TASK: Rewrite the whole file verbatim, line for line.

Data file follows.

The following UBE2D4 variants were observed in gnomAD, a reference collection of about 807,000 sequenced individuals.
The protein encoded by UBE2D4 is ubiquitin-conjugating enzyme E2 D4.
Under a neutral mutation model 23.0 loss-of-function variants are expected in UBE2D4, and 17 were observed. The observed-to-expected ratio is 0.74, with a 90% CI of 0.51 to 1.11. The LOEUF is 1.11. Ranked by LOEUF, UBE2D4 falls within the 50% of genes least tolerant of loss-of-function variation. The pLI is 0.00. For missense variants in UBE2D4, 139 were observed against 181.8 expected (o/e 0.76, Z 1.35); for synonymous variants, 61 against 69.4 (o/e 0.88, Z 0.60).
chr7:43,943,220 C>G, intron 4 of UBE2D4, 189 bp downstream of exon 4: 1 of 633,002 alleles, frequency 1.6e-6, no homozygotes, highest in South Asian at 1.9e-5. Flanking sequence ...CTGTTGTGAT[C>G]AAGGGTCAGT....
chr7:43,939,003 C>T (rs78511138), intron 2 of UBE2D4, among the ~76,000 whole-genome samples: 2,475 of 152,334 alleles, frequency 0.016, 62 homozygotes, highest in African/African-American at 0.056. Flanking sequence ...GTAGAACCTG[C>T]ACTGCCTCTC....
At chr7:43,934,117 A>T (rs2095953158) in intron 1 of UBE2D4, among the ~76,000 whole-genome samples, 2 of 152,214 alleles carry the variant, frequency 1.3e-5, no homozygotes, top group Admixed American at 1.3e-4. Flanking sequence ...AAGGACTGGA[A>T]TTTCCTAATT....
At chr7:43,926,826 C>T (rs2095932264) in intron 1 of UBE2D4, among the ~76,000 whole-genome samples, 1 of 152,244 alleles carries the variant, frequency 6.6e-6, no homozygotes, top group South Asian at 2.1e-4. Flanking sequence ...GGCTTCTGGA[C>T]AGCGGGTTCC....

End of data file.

The following UBE2D4 variants were observed in gnomAD, a reference collection of about 807,000 sequenced individuals.
The protein encoded by UBE2D4 is ubiquitin-conjugating enzyme E2 D4.
Under a neutral mutation model 23.0 loss-of-function variants are expected in UBE2D4, and 17 were observed. The observed-to-expected ratio is 0.74, with a 90% CI of 0.51 to 1.11. The LOEUF is 1.11. Ranked by LOEUF, UBE2D4 falls within the 50% of genes least tolerant of loss-of-function variation. The pLI is 0.00. For missense variants in UBE2D4, 139 were observed against 181.8 expected (o/e 0.76, Z 1.35); for synonymous variants, 61 against 69.4 (o/e 0.88, Z 0.60).
chr7:43,943,220 C>G, intron 4 of UBE2D4, 189 bp downstream of exon 4: 1 of 633,002 alleles, frequency 1.6e-6, no homozygotes, highest in South Asian at 1.9e-5. Flanking sequence ...CTGTTGTGAT[C>G]AAGGGTCAGT....
chr7:43,939,003 C>T (rs78511138), intron 2 of UBE2D4, among the ~76,000 whole-genome samples: 2,475 of 152,334 alleles, frequency 0.016, 62 homozygotes, highest in African/African-American at 0.056. Flanking sequence ...GTAGAACCTG[C>T]ACTGCCTCTC....
At chr7:43,934,117 A>T (rs2095953158) in intron 1 of UBE2D4, among the ~76,000 whole-genome samples, 2 of 152,214 alleles carry the variant, frequency 1.3e-5, no homozygotes, top group Admixed American at 1.3e-4. Flanking sequence ...AAGGACTGGA[A>T]TTTCCTAATT....
At chr7:43,926,826 C>T (rs2095932264) in intron 1 of UBE2D4, among the ~76,000 whole-genome samples, 1 of 152,244 alleles carries the variant, frequency 6.6e-6, no homozygotes, top group South Asian at 2.1e-4. Flanking sequence ...GGCTTCTGGA[C>T]AGCGGGTTCC....